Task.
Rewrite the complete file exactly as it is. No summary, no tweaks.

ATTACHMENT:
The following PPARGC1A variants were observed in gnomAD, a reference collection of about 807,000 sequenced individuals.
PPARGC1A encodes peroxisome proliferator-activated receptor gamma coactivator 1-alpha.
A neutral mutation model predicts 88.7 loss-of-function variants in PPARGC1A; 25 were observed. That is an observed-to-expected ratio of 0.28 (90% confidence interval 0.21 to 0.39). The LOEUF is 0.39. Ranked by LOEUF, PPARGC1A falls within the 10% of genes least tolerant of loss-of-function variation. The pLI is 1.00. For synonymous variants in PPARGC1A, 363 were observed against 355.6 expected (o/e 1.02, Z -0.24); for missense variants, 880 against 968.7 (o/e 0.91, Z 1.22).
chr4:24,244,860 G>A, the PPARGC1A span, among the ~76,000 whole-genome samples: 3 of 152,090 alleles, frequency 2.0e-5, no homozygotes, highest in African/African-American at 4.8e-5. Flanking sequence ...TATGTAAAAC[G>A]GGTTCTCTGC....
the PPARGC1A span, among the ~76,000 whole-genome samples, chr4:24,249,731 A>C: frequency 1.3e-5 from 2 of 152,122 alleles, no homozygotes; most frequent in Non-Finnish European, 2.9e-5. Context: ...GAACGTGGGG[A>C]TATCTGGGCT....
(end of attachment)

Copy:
The following PPARGC1A variants were observed in gnomAD, a reference collection of about 807,000 sequenced individuals.
PPARGC1A encodes peroxisome proliferator-activated receptor gamma coactivator 1-alpha.
A neutral mutation model predicts 88.7 loss-of-function variants in PPARGC1A; 25 were observed. That is an observed-to-expected ratio of 0.28 (90% confidence interval 0.21 to 0.39). The LOEUF is 0.39. Ranked by LOEUF, PPARGC1A falls within the 10% of genes least tolerant of loss-of-function variation. The pLI is 1.00. For synonymous variants in PPARGC1A, 363 were observed against 355.6 expected (o/e 1.02, Z -0.24); for missense variants, 880 against 968.7 (o/e 0.91, Z 1.22).
chr4:24,244,860 G>A, the PPARGC1A span, among the ~76,000 whole-genome samples: 3 of 152,090 alleles, frequency 2.0e-5, no homozygotes, highest in African/African-American at 4.8e-5. Flanking sequence ...TATGTAAAAC[G>A]GGTTCTCTGC....
the PPARGC1A span, among the ~76,000 whole-genome samples, chr4:24,249,731 A>C: frequency 1.3e-5 from 2 of 152,122 alleles, no homozygotes; most frequent in Non-Finnish European, 2.9e-5. Context: ...GAACGTGGGG[A>C]TATCTGGGCT....